"Until the Legislature thinks proper to supply this omission, the condition of an applicant must remain as it is placed by the judgment of the court below, on the merits of the question. If the custody is declared to be a legal one, he must be continued in that condition, or if it be declared illegal, he must be discharged; notwithstanding a bill of exceptions be filed in either event." See also Jackson v. Mayo, 34 Ga. 105, holding the same. We know of no case ruling to the contrary.
The majority, by inference, seemingly hold that the certification for review by the trial judge is tantamount to an order of supersedeas by the trial judge. Actually, the certification for review by the trial judge, signed before a notice of appeal is filed, is nothing more nor less than permission to appeal the ruling complained of and cannot be said to amount to an order ordering the appeal of the case. In this connection, it may be well to point out that when the case cited above was decided, and when the case of Truluck v. Peeples, 1 Ga. 1, was decided, the Supreme Court followed the practice, upon receipt of the bill of exceptions from the lower court, of issuing its writ of error requiring that the record of the proceedings in the lower court be sent up so that "being inspected, the said court may cause further to be done therein to correct that error, what of right and according to law should be done." See 1 Ga., p. xvii, Rule XXIV. If this writ of error by the Supreme Court did not constitute a supersede as, how can it logically or sensibly be said that a certification by the trial judge can operate, or be treated as, a supersedeas. It was not until 1855 that the issuance of a writ of error by the Supreme Court was abolished. See Ga. L. 1855-6, pp. 199, 200 (Code of 1933, 6-807). This Act so far as here material reads as follows: "The certificate of the judge to the bill of exceptions shall be the writ of error." Subsequent to that Act, it was consistently held that the mere filing of the bill of exceptions (which constituted the writ of error) did not operate as a supersede as, although it was a writ of error issued by the trial judge. See Thorpe v. Wray, 68 Ga. 359, 366; Perkins v. Rowland, 69 Ga. 661, 662; Cummings v. Clegg, 82 Ga. 763, supra. It is only in cases of appeals from an inferior tribunal to the superior court, which appeals are de novo proceedings that the appeal acts as an automatic supersedeas. See in this connection Fite v. Black, 85 Ga. 413 (11 SE 782).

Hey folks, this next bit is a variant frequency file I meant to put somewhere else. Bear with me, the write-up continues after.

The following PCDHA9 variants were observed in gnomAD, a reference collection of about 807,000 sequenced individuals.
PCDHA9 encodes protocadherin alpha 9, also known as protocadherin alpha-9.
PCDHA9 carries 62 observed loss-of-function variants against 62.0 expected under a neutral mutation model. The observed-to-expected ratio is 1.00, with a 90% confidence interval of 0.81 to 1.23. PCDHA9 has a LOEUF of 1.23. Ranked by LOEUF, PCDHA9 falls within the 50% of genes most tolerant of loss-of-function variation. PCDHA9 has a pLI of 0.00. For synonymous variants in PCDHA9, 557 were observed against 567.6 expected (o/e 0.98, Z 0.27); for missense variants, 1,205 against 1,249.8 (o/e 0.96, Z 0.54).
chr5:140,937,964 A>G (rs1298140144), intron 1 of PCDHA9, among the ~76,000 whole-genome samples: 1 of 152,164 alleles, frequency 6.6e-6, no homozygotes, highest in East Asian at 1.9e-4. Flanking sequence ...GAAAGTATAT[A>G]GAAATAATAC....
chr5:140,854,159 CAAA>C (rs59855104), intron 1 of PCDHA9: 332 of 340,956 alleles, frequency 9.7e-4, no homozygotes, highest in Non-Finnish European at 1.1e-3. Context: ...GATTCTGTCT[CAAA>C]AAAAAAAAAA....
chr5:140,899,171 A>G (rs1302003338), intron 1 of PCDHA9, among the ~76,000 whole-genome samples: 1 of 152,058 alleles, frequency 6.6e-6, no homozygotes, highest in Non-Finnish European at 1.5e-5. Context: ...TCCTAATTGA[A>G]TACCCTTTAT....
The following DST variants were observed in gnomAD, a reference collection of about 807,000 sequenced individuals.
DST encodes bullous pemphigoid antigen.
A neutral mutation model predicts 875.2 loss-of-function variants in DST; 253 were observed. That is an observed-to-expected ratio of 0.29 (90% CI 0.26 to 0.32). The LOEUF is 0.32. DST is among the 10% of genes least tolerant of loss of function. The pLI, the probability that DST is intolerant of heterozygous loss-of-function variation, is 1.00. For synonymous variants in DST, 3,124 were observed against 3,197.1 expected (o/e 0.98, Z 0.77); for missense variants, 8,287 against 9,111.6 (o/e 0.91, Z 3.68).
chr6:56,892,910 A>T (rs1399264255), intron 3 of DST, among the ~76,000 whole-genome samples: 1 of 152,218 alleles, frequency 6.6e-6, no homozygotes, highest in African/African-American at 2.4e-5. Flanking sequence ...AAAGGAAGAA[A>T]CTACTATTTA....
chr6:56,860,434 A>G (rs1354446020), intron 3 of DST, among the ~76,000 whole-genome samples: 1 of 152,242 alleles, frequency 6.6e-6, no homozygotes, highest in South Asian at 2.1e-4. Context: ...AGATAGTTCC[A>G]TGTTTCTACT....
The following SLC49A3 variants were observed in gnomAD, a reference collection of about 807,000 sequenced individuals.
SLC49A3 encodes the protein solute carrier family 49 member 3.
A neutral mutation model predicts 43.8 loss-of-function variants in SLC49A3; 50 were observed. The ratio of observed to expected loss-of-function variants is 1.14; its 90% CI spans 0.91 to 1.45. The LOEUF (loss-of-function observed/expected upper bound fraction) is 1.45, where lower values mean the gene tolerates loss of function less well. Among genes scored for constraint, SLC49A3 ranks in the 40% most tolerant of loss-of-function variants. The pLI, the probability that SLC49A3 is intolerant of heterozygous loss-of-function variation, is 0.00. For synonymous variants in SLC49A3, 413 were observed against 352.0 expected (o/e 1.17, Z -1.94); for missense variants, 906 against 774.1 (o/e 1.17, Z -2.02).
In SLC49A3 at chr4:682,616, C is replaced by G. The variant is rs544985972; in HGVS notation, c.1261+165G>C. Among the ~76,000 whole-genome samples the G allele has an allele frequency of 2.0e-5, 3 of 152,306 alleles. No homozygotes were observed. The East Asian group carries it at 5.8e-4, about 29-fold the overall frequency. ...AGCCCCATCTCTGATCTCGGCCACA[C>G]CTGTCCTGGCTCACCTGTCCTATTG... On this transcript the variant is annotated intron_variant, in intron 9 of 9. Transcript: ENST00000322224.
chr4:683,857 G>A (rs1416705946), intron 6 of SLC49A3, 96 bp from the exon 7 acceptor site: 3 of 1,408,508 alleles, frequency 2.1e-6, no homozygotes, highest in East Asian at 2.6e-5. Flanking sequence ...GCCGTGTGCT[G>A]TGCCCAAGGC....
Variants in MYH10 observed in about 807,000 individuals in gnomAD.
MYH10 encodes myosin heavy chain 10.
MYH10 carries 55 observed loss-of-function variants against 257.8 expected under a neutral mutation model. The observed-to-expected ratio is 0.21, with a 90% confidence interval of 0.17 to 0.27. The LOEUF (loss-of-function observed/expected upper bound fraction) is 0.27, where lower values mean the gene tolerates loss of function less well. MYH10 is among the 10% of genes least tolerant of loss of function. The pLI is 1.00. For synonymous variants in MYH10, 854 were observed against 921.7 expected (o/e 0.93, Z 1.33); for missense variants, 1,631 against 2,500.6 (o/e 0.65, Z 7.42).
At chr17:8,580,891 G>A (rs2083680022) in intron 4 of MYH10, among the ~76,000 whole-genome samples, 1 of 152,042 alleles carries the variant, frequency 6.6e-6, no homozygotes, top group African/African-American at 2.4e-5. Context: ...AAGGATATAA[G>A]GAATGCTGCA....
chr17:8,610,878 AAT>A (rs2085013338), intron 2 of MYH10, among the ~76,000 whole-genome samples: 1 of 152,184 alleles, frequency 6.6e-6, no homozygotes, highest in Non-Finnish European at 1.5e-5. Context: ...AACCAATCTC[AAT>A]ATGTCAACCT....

Where there is no supersede as, the opposite party may proceed to enforce the judgment complained of, but he does so at his peril. Ennis v. Ennis, 207 Ga. 665
, 671 (63 SE2d 887
); Truluck v. PeepIes, 1 Ga. 1 (5)
, supra; and "the presiding judge, in the exercise of his sound discretion, could have delayed further proceedings until the decision of this court was rendered, or he could have caused the case to proceed, subject to such results as might follow from the decision which this court might render on the exception to" the order requiring the production of documents. Massachusetts Bonding &c. Co. v. Realty Trust Co., 139 Ga. 180 (2)
, supra. In other words, if we had reversed the trial judge in ordering the production of the documents, instead of affirming him (Leonard Bros. Trucking Co. v. Crymes Transports, 123 Ga. 424